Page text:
When I’m done, all I can do is grin nervously. I have nothing to hide behind, and the situation suddenly seems so bizarre. Why are we a bunch of naked strangers on yoga mats, again? Automatically, my eyes start to wander, noting tattoos, oddly shaped birthmarks, and nipples of all different shapes and sizes.
"Run your hands along your body," Danielle instructs us. "Be aware of the way your skin feels." I’m quickly getting more comfortable as the session goes on, but the class is actually pretty hard, so my embarrassed smile quickly makes way for a look of pure determination. Before I know it, I’m fully immersed in the moment, not bothered in the slightest about stretching my naked limbs alongside complete strangers. It’s only during the Happy Baby pose—where you lie on your back with your hands gripping your feet while stretching your open legs in the air—that I remember how thoroughly I'm exposing myself to my new friends.
Many of my yogi friends reacted with outright anger when I told them I was going to try out nude yoga, considering it an Instagram fad for privileged white girls. And while that's of course not a completely unfair assessment, there's a lot more to naked yoga than that. As Danielle explains, the practice is also about getting to know your body better and having a healthy relationship with it. And though it might attract a lot of perverts and voyeurs on social media, it’s not about sex—a realization you quickly come to when you actually find yourself naked and almost pulling a muscle while getting into some impossible pose. Considering the fact that so many women in the world are unhappy with their bodies, immediately dismissing these kinds of confidence-boosting exercises as pointless trends seems a little reductive.
I notice that the poses we are getting into feel more intense while naked. They look different, too. You can see how your stomach moves along and changes during each turn, how your muscles tense up, and tendons stretch. I'm also a lot more aware of the imperfections of my body.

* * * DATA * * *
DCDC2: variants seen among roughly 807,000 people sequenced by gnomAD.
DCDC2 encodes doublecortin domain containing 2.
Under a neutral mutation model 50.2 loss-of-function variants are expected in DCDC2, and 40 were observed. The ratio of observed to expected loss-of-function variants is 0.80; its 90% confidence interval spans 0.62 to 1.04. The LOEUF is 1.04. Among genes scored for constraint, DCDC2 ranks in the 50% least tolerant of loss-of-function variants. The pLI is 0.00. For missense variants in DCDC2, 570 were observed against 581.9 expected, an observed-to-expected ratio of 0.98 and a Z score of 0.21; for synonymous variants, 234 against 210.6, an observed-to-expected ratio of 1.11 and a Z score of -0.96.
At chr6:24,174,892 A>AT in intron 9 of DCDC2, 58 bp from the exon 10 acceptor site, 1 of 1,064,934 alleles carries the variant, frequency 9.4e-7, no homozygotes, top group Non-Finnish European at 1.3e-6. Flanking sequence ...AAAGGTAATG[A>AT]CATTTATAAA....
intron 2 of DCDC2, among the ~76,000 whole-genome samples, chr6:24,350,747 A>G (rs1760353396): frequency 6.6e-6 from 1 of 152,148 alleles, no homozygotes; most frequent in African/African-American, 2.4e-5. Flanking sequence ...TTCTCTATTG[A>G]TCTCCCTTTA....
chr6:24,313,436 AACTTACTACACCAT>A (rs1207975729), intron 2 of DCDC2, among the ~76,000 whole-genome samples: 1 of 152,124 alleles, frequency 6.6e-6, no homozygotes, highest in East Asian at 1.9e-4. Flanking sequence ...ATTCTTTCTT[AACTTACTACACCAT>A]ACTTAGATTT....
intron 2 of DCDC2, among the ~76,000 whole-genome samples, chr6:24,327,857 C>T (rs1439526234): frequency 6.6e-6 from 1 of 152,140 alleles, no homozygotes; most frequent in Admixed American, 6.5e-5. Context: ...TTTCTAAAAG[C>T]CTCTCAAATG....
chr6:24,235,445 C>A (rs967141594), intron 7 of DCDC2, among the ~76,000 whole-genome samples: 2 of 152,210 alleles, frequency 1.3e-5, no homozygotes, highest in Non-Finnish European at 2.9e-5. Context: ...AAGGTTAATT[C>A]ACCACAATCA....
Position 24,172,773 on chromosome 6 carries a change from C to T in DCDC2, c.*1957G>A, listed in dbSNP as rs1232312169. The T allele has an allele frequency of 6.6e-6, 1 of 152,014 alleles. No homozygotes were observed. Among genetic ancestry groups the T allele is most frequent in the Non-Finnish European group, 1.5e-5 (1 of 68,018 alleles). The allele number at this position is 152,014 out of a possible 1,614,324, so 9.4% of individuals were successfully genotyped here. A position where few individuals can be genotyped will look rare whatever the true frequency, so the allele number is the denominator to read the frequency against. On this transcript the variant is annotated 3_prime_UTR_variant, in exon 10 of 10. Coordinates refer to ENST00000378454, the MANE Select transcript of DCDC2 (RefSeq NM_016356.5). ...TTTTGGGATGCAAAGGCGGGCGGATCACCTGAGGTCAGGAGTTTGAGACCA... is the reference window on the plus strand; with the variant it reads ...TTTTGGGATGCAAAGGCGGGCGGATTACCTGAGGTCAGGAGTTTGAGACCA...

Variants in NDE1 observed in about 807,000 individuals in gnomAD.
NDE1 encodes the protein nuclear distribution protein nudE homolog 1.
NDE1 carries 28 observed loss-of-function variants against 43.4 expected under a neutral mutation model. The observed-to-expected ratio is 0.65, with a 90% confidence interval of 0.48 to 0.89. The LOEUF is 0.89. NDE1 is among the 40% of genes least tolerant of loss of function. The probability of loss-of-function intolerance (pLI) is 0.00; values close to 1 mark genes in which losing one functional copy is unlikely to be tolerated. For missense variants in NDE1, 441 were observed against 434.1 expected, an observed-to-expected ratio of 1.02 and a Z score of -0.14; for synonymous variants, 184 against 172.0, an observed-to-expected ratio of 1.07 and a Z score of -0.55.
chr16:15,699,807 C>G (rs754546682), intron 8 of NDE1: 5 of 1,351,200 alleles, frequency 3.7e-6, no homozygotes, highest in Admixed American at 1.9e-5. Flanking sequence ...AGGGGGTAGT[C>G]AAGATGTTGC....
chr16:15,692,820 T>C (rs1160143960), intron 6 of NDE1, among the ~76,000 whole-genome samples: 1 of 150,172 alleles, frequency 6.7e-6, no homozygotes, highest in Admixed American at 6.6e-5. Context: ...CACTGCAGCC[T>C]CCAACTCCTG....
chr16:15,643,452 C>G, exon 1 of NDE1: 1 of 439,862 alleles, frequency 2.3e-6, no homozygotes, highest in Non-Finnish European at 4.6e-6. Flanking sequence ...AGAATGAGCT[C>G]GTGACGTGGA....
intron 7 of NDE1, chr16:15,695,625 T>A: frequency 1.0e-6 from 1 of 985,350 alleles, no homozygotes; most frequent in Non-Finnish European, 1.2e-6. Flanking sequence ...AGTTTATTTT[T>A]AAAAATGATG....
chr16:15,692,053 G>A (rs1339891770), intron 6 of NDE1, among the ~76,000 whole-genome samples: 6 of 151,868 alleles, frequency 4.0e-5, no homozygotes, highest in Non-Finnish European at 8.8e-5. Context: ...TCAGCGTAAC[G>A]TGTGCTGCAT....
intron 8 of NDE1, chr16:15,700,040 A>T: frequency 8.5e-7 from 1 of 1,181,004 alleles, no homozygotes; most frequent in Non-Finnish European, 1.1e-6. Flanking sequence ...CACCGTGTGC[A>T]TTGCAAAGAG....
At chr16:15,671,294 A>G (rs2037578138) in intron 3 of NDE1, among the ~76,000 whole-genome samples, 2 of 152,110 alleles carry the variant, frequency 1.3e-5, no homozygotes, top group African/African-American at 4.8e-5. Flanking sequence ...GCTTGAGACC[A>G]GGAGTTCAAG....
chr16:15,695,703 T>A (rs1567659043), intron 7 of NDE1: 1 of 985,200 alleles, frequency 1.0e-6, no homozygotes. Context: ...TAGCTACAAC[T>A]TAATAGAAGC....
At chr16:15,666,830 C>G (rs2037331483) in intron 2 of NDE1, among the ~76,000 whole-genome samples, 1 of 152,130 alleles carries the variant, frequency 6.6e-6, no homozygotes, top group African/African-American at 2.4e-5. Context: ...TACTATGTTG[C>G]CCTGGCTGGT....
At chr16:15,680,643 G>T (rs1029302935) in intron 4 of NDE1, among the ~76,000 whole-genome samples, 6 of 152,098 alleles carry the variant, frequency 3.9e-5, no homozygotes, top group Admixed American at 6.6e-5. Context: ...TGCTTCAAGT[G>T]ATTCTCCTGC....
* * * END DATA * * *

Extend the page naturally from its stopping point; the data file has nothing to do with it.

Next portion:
It's about 77 degrees Fahrenheit in the room—Danielle turned up the heating full blast at the start so we wouldn’t freeze. A thin film of sweat has formed all over my body. As we perform a position on our stomachs, I leave a mark on my mat that reminds me of an Yves Klein painting. Some of the other women sigh as they perform certain stretches—which is perfectly normal in yoga, but I realize I suddenly find it a bit much now that none of us are wearing any clothes. Surprisingly enough, I'm completely cool with our instructor touching us in order to correct our posture.
Watch Desus & Mero discuss baby yoga:
During the final relaxation pose, Danielle tells us to put our socks back on, meaning—for a moment—we are five women, holding the Savasana pose, on our backs, with arms and legs stretched out, naked, wearing only our socks.
Afterward, we put our other clothes back on. I slip back into my yoga pants, sneakers, and the massive jacket that protects me from the Berlin winter. But something has changed. It might sound cheesy, but I do feel like I’m more in tune with the world around me, whatever that means. I feel good and, most surprisingly, sexy. That might be the JuIcY-ness kicking in.